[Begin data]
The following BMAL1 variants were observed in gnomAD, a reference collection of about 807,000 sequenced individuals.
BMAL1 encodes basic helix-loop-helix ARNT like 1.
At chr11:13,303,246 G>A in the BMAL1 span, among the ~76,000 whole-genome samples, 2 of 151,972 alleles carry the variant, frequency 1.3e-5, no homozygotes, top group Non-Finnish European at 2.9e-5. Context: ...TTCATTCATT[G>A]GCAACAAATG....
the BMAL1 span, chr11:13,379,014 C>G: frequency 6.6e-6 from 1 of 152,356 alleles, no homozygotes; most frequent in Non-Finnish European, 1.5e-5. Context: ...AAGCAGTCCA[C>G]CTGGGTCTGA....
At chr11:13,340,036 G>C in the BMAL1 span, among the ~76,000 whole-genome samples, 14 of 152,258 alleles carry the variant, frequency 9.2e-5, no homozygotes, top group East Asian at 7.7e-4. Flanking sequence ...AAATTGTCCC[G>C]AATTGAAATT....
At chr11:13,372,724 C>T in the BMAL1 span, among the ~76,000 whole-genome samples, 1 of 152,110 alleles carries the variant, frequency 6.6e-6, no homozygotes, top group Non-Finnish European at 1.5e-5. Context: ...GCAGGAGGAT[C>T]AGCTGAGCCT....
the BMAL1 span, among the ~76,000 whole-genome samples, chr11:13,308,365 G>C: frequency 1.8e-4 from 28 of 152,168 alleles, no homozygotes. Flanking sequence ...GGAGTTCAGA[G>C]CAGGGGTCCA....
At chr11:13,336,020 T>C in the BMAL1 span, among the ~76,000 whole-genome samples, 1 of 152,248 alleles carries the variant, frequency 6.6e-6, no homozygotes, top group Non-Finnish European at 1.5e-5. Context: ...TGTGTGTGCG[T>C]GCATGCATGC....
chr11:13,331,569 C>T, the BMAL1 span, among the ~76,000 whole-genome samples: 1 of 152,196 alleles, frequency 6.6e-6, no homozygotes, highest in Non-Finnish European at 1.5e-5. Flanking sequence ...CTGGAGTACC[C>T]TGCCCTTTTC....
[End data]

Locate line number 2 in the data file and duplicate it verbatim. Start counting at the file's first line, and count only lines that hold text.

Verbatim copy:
BMAL1 encodes basic helix-loop-helix ARNT like 1.